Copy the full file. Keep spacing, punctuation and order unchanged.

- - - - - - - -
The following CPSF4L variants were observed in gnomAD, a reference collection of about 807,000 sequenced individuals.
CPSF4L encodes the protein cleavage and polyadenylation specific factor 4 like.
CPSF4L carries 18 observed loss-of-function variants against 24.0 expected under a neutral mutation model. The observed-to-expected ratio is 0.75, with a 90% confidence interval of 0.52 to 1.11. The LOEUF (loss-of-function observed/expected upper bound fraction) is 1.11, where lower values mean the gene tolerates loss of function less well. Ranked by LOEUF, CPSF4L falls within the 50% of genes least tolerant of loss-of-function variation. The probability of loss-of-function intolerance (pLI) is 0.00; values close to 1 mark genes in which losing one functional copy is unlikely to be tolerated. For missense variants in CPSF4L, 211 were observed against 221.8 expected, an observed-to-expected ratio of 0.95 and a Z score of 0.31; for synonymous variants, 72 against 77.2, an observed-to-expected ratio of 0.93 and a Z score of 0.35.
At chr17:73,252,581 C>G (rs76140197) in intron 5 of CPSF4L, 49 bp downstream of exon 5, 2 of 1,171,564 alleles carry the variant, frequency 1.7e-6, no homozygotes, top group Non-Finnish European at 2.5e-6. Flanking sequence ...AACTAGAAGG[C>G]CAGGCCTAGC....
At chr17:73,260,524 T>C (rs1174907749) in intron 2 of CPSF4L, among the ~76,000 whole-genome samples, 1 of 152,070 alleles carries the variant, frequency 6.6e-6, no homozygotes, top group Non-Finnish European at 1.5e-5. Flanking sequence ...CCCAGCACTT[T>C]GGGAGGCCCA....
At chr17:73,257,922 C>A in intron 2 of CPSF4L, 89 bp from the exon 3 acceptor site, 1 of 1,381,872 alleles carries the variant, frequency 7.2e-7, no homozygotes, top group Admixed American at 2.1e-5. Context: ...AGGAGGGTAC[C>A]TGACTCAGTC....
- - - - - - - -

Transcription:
The following CPSF4L variants were observed in gnomAD, a reference collection of about 807,000 sequenced individuals.
CPSF4L encodes the protein cleavage and polyadenylation specific factor 4 like.
CPSF4L carries 18 observed loss-of-function variants against 24.0 expected under a neutral mutation model. The observed-to-expected ratio is 0.75, with a 90% confidence interval of 0.52 to 1.11. The LOEUF (loss-of-function observed/expected upper bound fraction) is 1.11, where lower values mean the gene tolerates loss of function less well. Ranked by LOEUF, CPSF4L falls within the 50% of genes least tolerant of loss-of-function variation. The probability of loss-of-function intolerance (pLI) is 0.00; values close to 1 mark genes in which losing one functional copy is unlikely to be tolerated. For missense variants in CPSF4L, 211 were observed against 221.8 expected, an observed-to-expected ratio of 0.95 and a Z score of 0.31; for synonymous variants, 72 against 77.2, an observed-to-expected ratio of 0.93 and a Z score of 0.35.
At chr17:73,252,581 C>G (rs76140197) in intron 5 of CPSF4L, 49 bp downstream of exon 5, 2 of 1,171,564 alleles carry the variant, frequency 1.7e-6, no homozygotes, top group Non-Finnish European at 2.5e-6. Flanking sequence ...AACTAGAAGG[C>G]CAGGCCTAGC....
At chr17:73,260,524 T>C (rs1174907749) in intron 2 of CPSF4L, among the ~76,000 whole-genome samples, 1 of 152,070 alleles carries the variant, frequency 6.6e-6, no homozygotes, top group Non-Finnish European at 1.5e-5. Flanking sequence ...CCCAGCACTT[T>C]GGGAGGCCCA....
At chr17:73,257,922 C>A in intron 2 of CPSF4L, 89 bp from the exon 3 acceptor site, 1 of 1,381,872 alleles carries the variant, frequency 7.2e-7, no homozygotes, top group Admixed American at 2.1e-5. Context: ...AGGAGGGTAC[C>A]TGACTCAGTC....